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Let’s face it, sometimes kids get into things that they probably shouldn’t. Here are a few tips to keep little explorers from finding their way into household items that could be dangerous. But just in case, we’ll also show you what to do if your child accidentally ingests something harmful.
The Hard Facts
Half of the 2.4 million calls to Poison Help Number in 2010 involved children ages 5 and under. In fact, 9 out of 10 poisonings occur at home. Poison centers answer more than 3.6 million calls each year. That’s one call every eight seconds.d under. In fact, 9 out of 10 poisonings occur at home. Poison centers answer more than 3.6 million calls each year. That’s one call every eight seconds.
According to the American Association of Poison Centers, children younger than 6 years old account for about half of the calls placed to poison centers. What’s more, poison center data reported over 146,000 calls made to poison centers with concerns about exposure to common household pesticides. These figures show the need for everyone to lock up pesticides and household chemicals out of children’s reach – preferably in a high cabinet.
How to Prevent Accidental Poisonings
Store all household products out of children’s sight and reach. Young kids are often eye-level with items under the kitchen and bathroom sinks. So any bleach, detergents, dish washer liquid or cleaning solutions that are kept there should find a new storage location.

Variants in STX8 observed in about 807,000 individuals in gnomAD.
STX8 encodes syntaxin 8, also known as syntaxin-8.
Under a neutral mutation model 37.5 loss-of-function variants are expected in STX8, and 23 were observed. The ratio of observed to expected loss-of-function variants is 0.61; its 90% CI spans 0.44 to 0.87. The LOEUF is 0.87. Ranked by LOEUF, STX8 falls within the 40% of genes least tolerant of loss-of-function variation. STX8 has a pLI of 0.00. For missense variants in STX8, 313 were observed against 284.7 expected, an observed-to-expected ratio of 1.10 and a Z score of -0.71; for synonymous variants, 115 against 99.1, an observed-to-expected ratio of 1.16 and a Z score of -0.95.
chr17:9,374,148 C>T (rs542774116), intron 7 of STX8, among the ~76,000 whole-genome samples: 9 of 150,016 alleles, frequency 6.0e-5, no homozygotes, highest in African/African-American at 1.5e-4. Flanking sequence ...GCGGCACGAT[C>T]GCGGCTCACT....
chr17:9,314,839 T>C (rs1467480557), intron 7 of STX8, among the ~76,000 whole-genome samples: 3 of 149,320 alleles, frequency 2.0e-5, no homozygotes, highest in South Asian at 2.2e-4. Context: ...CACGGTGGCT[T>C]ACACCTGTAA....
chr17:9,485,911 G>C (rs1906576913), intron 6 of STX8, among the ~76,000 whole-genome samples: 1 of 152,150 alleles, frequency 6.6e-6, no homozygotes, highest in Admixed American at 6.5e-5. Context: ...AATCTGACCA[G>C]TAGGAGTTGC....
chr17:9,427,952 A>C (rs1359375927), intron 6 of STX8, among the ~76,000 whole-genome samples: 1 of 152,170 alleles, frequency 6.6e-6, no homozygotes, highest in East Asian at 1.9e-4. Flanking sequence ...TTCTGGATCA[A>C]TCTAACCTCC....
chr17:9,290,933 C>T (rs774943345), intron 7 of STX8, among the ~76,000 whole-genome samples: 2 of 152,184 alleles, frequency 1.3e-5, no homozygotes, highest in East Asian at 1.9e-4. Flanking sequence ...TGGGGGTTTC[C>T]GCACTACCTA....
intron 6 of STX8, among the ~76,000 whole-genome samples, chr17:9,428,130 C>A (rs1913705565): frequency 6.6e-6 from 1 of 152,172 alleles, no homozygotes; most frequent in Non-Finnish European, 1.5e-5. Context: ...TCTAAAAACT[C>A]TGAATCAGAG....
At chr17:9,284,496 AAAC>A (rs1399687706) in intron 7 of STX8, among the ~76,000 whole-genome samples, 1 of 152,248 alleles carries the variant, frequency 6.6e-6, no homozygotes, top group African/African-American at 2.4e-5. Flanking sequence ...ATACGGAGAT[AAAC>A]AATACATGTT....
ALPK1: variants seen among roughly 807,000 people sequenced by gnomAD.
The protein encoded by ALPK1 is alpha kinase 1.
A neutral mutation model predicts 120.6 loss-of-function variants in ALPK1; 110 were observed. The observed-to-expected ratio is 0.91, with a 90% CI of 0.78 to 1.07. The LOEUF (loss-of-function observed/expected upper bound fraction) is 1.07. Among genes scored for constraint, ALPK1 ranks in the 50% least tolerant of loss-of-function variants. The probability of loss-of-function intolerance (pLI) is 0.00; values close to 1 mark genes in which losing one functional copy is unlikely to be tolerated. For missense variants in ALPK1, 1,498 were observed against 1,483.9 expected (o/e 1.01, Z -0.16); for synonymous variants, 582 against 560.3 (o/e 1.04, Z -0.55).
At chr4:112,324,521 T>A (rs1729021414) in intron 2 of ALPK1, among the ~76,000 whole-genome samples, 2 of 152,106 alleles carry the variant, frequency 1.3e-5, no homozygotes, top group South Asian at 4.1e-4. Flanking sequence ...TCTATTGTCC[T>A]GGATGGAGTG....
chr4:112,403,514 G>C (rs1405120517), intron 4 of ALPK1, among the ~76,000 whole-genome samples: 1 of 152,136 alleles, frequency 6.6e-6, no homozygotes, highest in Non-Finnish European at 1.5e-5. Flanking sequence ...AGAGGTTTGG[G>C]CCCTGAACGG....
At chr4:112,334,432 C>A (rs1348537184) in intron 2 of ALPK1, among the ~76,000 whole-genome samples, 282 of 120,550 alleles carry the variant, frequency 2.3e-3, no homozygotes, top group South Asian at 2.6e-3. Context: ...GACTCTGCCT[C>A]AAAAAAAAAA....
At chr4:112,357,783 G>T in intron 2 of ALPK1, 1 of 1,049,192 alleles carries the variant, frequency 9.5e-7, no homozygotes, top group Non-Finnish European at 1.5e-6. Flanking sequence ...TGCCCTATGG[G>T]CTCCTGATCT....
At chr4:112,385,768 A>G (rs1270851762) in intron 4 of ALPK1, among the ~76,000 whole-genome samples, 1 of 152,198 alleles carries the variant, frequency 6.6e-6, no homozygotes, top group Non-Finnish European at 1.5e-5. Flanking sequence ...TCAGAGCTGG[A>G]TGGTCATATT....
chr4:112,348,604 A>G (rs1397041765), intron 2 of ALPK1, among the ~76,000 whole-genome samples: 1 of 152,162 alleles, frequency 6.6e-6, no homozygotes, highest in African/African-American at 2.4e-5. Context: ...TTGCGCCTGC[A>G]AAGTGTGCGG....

Store poisonous items out of reach or use safety locks on cabinets within reach. These items also include detergent pods for the laundry and dishwasher. It only takes a few minutes, and it gives you one less thing to worry about.
Read product labels to find out what can be hazardous to kids. Dangerous household items include makeup, personal care products, plants, pesticides, lead, art supplies, alcohol and carbon monoxide.
Make sure that all medications, including vitamins and adult medicines, are stored out of reach and out of sight or children.
Put the toll-free number Poison Help Number (1-800-222-1222) into your home and cell phones. You should also post it near your phone or on your refrigerator for the babysitter. Hopefully you’ll never need it, but it’s nice to have just in case.
- Check for lead-based paint. Remove any peeling paint or chewable surfaces painted with lead-based paint.